The Religious Juridical Persons Law, as amended in response to the 1995 sarin gas attack on Tokyo's subway system by Aum Shinrikyo, provides the government with the authority to supervise certified religious groups. The law requires certified religious organizations to disclose their assets to the government and empowers the government to investigate possible violations of regulations governing for-profit activities. Authorities have the right to suspend a religious organization's for-profit activities if they violate these regulations.
The government does not observe any religious holidays as national holidays.
Restrictions on Religious Freedom
There were no reports of abuses, including religious prisoners or detainees, in the country.
Section III. Status of Societal Actions Affecting Enjoyment of Religious Freedom
Although most groups reported wide-spread tolerance and respect for religious freedom, there were some reports of societal abuse based on religious affiliation, belief, or practice.
On October 20, a vehicle parked in front of a mosque in Fukui Prefecture was set on fire with a sign reading "Foreign People Get Out." Leaders at the mosque, attended primarily by foreign university students living in Fukui, portrayed the incident as isolated and unusual and said they had positive relations with the local community. Police opened an investigation into the incident.
For several years deprogrammers working with family members have reportedly abducted Unification Church members, members of Jehovah's Witnesses, and other minority religions. The number of reported cases has declined sharply since the 1990s. The Unification Church reported six members were abducted during the reporting period, two of which remained confined at year's end. One was reportedly released after police interviewed her parents. These reports could not be independently confirmed, and some nongovernmental organizations (NGOs) have accused the Unification Church of exaggerating or fabricating these reports. In 2008 an adult member of the Unification Church was released after reportedly being held against his will by family members and a professional deprogrammer for over 12 years. Prosecutors did not pursue the case citing insufficient evidence. On October 6, a civilian panel upheld the decision not to pursue criminal charges.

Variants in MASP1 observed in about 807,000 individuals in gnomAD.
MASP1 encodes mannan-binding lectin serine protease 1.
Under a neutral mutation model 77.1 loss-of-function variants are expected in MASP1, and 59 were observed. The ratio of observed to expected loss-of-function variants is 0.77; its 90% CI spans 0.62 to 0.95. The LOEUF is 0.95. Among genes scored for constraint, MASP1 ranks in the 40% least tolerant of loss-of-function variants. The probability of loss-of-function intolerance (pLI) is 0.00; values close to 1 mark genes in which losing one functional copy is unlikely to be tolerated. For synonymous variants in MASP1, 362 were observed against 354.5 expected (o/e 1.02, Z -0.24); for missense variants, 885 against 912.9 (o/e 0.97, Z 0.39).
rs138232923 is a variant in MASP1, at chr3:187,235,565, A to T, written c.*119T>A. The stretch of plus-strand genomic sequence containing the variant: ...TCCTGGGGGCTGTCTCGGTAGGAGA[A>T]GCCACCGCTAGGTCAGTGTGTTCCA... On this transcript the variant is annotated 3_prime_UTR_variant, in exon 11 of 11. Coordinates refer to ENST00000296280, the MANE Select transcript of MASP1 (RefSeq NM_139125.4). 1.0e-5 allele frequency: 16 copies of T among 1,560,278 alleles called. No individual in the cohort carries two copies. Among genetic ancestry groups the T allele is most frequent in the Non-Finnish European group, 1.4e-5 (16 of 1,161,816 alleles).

In December a Japanese chain store stopped selling Nazi costumes after complaints from a U.S.-based Jewish organization.
Significant interfaith efforts continued during the reporting period. The Japanese Association of Religious Organizations, an interfaith NGO, worked to promote religious culture and contribute to peace. Members from the Islamic Center Japan spoke at churches and participated in interfaith peace prayers with Christian, Jewish, Muslim, and Buddhist groups. In September the World Conference on Religions for Peace Japanese Committee, composed of various religious groups, hosted an international conference of Muslim leaders in an effort to educate the public about Islam. During the same month, they hosted another meeting with religious leaders from throughout the country to promote religious harmony and nonviolence. More than 1,000 persons, including senior politicians and religious leaders, participated in this event.
Section IV. U.S. Government Policy